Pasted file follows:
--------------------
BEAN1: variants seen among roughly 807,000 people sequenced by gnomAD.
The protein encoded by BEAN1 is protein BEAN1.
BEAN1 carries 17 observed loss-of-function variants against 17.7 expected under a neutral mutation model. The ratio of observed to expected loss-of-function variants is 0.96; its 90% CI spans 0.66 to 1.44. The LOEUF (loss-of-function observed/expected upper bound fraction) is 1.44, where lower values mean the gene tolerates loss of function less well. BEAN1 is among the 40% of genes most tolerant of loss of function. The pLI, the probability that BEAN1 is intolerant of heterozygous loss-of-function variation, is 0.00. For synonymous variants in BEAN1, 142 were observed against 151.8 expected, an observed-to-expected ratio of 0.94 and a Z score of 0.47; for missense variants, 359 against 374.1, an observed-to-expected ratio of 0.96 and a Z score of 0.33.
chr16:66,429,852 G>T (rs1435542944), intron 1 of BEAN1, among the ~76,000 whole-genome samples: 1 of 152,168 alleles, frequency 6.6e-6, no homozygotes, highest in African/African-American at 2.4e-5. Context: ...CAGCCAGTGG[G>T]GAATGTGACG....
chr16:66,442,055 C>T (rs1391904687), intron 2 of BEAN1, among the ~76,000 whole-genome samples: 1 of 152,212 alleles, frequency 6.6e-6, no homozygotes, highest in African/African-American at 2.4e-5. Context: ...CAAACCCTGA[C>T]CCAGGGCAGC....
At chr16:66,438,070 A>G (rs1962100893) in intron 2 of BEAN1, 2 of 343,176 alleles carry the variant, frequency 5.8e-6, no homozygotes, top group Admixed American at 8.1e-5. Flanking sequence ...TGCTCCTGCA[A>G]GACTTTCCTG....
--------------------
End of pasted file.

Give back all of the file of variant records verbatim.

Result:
BEAN1: variants seen among roughly 807,000 people sequenced by gnomAD.
The protein encoded by BEAN1 is protein BEAN1.
BEAN1 carries 17 observed loss-of-function variants against 17.7 expected under a neutral mutation model. The ratio of observed to expected loss-of-function variants is 0.96; its 90% CI spans 0.66 to 1.44. The LOEUF (loss-of-function observed/expected upper bound fraction) is 1.44, where lower values mean the gene tolerates loss of function less well. BEAN1 is among the 40% of genes most tolerant of loss of function. The pLI, the probability that BEAN1 is intolerant of heterozygous loss-of-function variation, is 0.00. For synonymous variants in BEAN1, 142 were observed against 151.8 expected, an observed-to-expected ratio of 0.94 and a Z score of 0.47; for missense variants, 359 against 374.1, an observed-to-expected ratio of 0.96 and a Z score of 0.33.
chr16:66,429,852 G>T (rs1435542944), intron 1 of BEAN1, among the ~76,000 whole-genome samples: 1 of 152,168 alleles, frequency 6.6e-6, no homozygotes, highest in African/African-American at 2.4e-5. Context: ...CAGCCAGTGG[G>T]GAATGTGACG....
chr16:66,442,055 C>T (rs1391904687), intron 2 of BEAN1, among the ~76,000 whole-genome samples: 1 of 152,212 alleles, frequency 6.6e-6, no homozygotes, highest in African/African-American at 2.4e-5. Context: ...CAAACCCTGA[C>T]CCAGGGCAGC....
At chr16:66,438,070 A>G (rs1962100893) in intron 2 of BEAN1, 2 of 343,176 alleles carry the variant, frequency 5.8e-6, no homozygotes, top group Admixed American at 8.1e-5. Flanking sequence ...TGCTCCTGCA[A>G]GACTTTCCTG....